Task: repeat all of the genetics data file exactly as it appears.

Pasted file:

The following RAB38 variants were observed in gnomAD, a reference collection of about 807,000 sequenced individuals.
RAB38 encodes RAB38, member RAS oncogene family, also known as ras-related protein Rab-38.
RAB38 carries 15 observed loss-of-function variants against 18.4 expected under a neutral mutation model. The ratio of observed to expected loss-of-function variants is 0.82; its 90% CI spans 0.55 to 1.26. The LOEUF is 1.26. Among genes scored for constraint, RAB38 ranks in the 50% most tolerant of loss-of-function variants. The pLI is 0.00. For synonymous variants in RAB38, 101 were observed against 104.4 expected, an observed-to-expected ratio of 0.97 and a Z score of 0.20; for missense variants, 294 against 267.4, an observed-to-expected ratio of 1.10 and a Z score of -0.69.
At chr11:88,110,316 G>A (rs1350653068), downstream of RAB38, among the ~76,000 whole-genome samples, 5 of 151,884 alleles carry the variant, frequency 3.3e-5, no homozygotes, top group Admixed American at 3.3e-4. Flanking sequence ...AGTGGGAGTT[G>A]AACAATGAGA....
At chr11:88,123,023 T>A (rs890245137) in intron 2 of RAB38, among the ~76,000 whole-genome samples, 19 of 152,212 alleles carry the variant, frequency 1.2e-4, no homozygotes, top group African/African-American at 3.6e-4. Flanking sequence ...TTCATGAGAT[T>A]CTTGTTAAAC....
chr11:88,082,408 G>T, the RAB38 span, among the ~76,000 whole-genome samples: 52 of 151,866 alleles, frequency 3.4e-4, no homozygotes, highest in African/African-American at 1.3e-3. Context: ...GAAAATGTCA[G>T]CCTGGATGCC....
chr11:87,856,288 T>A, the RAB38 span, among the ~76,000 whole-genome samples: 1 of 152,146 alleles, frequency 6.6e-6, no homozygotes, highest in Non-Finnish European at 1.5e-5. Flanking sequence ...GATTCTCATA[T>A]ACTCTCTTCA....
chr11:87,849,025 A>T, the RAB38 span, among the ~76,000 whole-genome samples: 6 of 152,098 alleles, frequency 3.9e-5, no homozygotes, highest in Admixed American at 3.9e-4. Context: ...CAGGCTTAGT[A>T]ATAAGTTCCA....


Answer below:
The following RAB38 variants were observed in gnomAD, a reference collection of about 807,000 sequenced individuals.
RAB38 encodes RAB38, member RAS oncogene family, also known as ras-related protein Rab-38.
RAB38 carries 15 observed loss-of-function variants against 18.4 expected under a neutral mutation model. The ratio of observed to expected loss-of-function variants is 0.82; its 90% CI spans 0.55 to 1.26. The LOEUF is 1.26. Among genes scored for constraint, RAB38 ranks in the 50% most tolerant of loss-of-function variants. The pLI is 0.00. For synonymous variants in RAB38, 101 were observed against 104.4 expected, an observed-to-expected ratio of 0.97 and a Z score of 0.20; for missense variants, 294 against 267.4, an observed-to-expected ratio of 1.10 and a Z score of -0.69.
At chr11:88,110,316 G>A (rs1350653068), downstream of RAB38, among the ~76,000 whole-genome samples, 5 of 151,884 alleles carry the variant, frequency 3.3e-5, no homozygotes, top group Admixed American at 3.3e-4. Flanking sequence ...AGTGGGAGTT[G>A]AACAATGAGA....
At chr11:88,123,023 T>A (rs890245137) in intron 2 of RAB38, among the ~76,000 whole-genome samples, 19 of 152,212 alleles carry the variant, frequency 1.2e-4, no homozygotes, top group African/African-American at 3.6e-4. Flanking sequence ...TTCATGAGAT[T>A]CTTGTTAAAC....
chr11:88,082,408 G>T, the RAB38 span, among the ~76,000 whole-genome samples: 52 of 151,866 alleles, frequency 3.4e-4, no homozygotes, highest in African/African-American at 1.3e-3. Context: ...GAAAATGTCA[G>T]CCTGGATGCC....
chr11:87,856,288 T>A, the RAB38 span, among the ~76,000 whole-genome samples: 1 of 152,146 alleles, frequency 6.6e-6, no homozygotes, highest in Non-Finnish European at 1.5e-5. Flanking sequence ...GATTCTCATA[T>A]ACTCTCTTCA....
chr11:87,849,025 A>T, the RAB38 span, among the ~76,000 whole-genome samples: 6 of 152,098 alleles, frequency 3.9e-5, no homozygotes, highest in Admixed American at 3.9e-4. Context: ...CAGGCTTAGT[A>T]ATAAGTTCCA....